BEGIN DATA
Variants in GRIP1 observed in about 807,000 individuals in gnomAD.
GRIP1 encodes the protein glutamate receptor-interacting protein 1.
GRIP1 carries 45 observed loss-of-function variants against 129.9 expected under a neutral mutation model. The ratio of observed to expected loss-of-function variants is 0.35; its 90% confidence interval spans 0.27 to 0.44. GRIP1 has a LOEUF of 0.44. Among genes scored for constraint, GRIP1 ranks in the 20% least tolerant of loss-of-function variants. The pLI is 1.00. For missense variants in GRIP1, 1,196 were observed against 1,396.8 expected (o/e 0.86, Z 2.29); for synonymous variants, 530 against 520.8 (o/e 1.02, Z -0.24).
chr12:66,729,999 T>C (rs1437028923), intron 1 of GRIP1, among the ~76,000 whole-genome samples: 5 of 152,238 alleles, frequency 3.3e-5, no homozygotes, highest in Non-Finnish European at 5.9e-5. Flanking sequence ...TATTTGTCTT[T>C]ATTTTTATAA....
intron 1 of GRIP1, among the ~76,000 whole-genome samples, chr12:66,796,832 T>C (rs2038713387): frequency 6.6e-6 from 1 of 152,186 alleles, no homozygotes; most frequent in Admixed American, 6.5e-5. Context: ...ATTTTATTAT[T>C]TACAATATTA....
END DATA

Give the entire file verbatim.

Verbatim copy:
Variants in GRIP1 observed in about 807,000 individuals in gnomAD.
GRIP1 encodes the protein glutamate receptor-interacting protein 1.
GRIP1 carries 45 observed loss-of-function variants against 129.9 expected under a neutral mutation model. The ratio of observed to expected loss-of-function variants is 0.35; its 90% confidence interval spans 0.27 to 0.44. GRIP1 has a LOEUF of 0.44. Among genes scored for constraint, GRIP1 ranks in the 20% least tolerant of loss-of-function variants. The pLI is 1.00. For missense variants in GRIP1, 1,196 were observed against 1,396.8 expected (o/e 0.86, Z 2.29); for synonymous variants, 530 against 520.8 (o/e 1.02, Z -0.24).
chr12:66,729,999 T>C (rs1437028923), intron 1 of GRIP1, among the ~76,000 whole-genome samples: 5 of 152,238 alleles, frequency 3.3e-5, no homozygotes, highest in Non-Finnish European at 5.9e-5. Flanking sequence ...TATTTGTCTT[T>C]ATTTTTATAA....
intron 1 of GRIP1, among the ~76,000 whole-genome samples, chr12:66,796,832 T>C (rs2038713387): frequency 6.6e-6 from 1 of 152,186 alleles, no homozygotes; most frequent in Admixed American, 6.5e-5. Context: ...ATTTTATTAT[T>C]TACAATATTA....